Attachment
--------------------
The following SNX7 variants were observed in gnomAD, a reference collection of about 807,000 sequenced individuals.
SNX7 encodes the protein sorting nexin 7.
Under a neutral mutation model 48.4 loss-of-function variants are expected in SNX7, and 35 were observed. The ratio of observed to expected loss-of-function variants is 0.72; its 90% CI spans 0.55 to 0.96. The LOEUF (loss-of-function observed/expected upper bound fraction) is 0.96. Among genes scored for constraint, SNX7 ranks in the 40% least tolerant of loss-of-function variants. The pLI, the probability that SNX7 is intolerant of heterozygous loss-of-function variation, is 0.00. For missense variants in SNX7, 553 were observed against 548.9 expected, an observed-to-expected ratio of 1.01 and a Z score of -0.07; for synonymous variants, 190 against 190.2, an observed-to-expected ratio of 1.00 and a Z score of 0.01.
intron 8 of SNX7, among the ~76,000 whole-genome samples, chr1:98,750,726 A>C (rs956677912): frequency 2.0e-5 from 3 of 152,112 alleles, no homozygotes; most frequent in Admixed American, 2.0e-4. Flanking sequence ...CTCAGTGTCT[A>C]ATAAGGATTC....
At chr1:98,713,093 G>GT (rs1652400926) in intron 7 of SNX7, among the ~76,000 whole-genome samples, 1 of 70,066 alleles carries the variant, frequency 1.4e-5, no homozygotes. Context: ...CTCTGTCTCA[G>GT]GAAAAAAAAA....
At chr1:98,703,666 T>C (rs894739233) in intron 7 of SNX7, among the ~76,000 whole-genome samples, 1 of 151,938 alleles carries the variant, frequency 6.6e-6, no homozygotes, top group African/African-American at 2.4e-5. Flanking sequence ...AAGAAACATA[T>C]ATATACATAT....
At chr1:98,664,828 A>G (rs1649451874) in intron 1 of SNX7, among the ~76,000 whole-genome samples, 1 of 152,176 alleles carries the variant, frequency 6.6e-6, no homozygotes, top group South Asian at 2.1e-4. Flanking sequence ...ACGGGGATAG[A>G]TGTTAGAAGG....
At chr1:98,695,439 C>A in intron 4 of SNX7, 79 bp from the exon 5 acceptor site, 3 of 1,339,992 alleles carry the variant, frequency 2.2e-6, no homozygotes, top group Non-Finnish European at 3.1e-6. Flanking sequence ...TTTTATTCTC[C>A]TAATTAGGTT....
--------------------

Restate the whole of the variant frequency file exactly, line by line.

The following SNX7 variants were observed in gnomAD, a reference collection of about 807,000 sequenced individuals.
SNX7 encodes the protein sorting nexin 7.
Under a neutral mutation model 48.4 loss-of-function variants are expected in SNX7, and 35 were observed. The ratio of observed to expected loss-of-function variants is 0.72; its 90% CI spans 0.55 to 0.96. The LOEUF (loss-of-function observed/expected upper bound fraction) is 0.96. Among genes scored for constraint, SNX7 ranks in the 40% least tolerant of loss-of-function variants. The pLI, the probability that SNX7 is intolerant of heterozygous loss-of-function variation, is 0.00. For missense variants in SNX7, 553 were observed against 548.9 expected, an observed-to-expected ratio of 1.01 and a Z score of -0.07; for synonymous variants, 190 against 190.2, an observed-to-expected ratio of 1.00 and a Z score of 0.01.
intron 8 of SNX7, among the ~76,000 whole-genome samples, chr1:98,750,726 A>C (rs956677912): frequency 2.0e-5 from 3 of 152,112 alleles, no homozygotes; most frequent in Admixed American, 2.0e-4. Flanking sequence ...CTCAGTGTCT[A>C]ATAAGGATTC....
At chr1:98,713,093 G>GT (rs1652400926) in intron 7 of SNX7, among the ~76,000 whole-genome samples, 1 of 70,066 alleles carries the variant, frequency 1.4e-5, no homozygotes. Context: ...CTCTGTCTCA[G>GT]GAAAAAAAAA....
At chr1:98,703,666 T>C (rs894739233) in intron 7 of SNX7, among the ~76,000 whole-genome samples, 1 of 151,938 alleles carries the variant, frequency 6.6e-6, no homozygotes, top group African/African-American at 2.4e-5. Flanking sequence ...AAGAAACATA[T>C]ATATACATAT....
At chr1:98,664,828 A>G (rs1649451874) in intron 1 of SNX7, among the ~76,000 whole-genome samples, 1 of 152,176 alleles carries the variant, frequency 6.6e-6, no homozygotes, top group South Asian at 2.1e-4. Flanking sequence ...ACGGGGATAG[A>G]TGTTAGAAGG....
At chr1:98,695,439 C>A in intron 4 of SNX7, 79 bp from the exon 5 acceptor site, 3 of 1,339,992 alleles carry the variant, frequency 2.2e-6, no homozygotes, top group Non-Finnish European at 3.1e-6. Flanking sequence ...TTTTATTCTC[C>A]TAATTAGGTT....